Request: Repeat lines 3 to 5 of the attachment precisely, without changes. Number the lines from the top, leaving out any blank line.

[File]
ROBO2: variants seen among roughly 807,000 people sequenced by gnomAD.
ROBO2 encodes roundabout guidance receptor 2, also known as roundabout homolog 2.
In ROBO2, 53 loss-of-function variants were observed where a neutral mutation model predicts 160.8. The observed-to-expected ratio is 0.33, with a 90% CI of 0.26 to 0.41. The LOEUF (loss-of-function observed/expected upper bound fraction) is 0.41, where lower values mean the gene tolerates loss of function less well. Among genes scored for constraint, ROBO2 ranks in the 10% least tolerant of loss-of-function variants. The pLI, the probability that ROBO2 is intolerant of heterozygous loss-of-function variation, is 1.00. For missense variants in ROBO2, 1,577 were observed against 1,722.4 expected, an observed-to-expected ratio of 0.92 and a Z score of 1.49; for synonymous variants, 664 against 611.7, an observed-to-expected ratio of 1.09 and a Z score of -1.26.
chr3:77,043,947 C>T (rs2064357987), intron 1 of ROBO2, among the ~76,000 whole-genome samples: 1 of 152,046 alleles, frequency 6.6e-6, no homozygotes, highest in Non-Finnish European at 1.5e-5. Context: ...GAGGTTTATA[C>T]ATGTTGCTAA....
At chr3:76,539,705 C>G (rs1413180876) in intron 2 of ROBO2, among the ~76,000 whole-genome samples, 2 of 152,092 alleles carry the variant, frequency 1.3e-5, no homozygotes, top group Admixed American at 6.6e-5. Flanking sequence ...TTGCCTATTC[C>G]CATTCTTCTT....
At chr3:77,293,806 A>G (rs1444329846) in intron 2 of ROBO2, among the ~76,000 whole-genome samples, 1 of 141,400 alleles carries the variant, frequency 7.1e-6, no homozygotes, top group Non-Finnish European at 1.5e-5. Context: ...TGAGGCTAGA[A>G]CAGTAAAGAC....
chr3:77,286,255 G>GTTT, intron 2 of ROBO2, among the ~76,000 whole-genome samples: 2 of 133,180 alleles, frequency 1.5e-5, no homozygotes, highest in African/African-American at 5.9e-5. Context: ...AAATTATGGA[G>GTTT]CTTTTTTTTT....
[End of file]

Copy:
In ROBO2, 53 loss-of-function variants were observed where a neutral mutation model predicts 160.8. The observed-to-expected ratio is 0.33, with a 90% CI of 0.26 to 0.41. The LOEUF (loss-of-function observed/expected upper bound fraction) is 0.41, where lower values mean the gene tolerates loss of function less well. Among genes scored for constraint, ROBO2 ranks in the 10% least tolerant of loss-of-function variants. The pLI, the probability that ROBO2 is intolerant of heterozygous loss-of-function variation, is 1.00. For missense variants in ROBO2, 1,577 were observed against 1,722.4 expected, an observed-to-expected ratio of 0.92 and a Z score of 1.49; for synonymous variants, 664 against 611.7, an observed-to-expected ratio of 1.09 and a Z score of -1.26.
chr3:77,043,947 C>T (rs2064357987), intron 1 of ROBO2, among the ~76,000 whole-genome samples: 1 of 152,046 alleles, frequency 6.6e-6, no homozygotes, highest in Non-Finnish European at 1.5e-5. Context: ...GAGGTTTATA[C>T]ATGTTGCTAA....
At chr3:76,539,705 C>G (rs1413180876) in intron 2 of ROBO2, among the ~76,000 whole-genome samples, 2 of 152,092 alleles carry the variant, frequency 1.3e-5, no homozygotes, top group Admixed American at 6.6e-5. Flanking sequence ...TTGCCTATTC[C>G]CATTCTTCTT....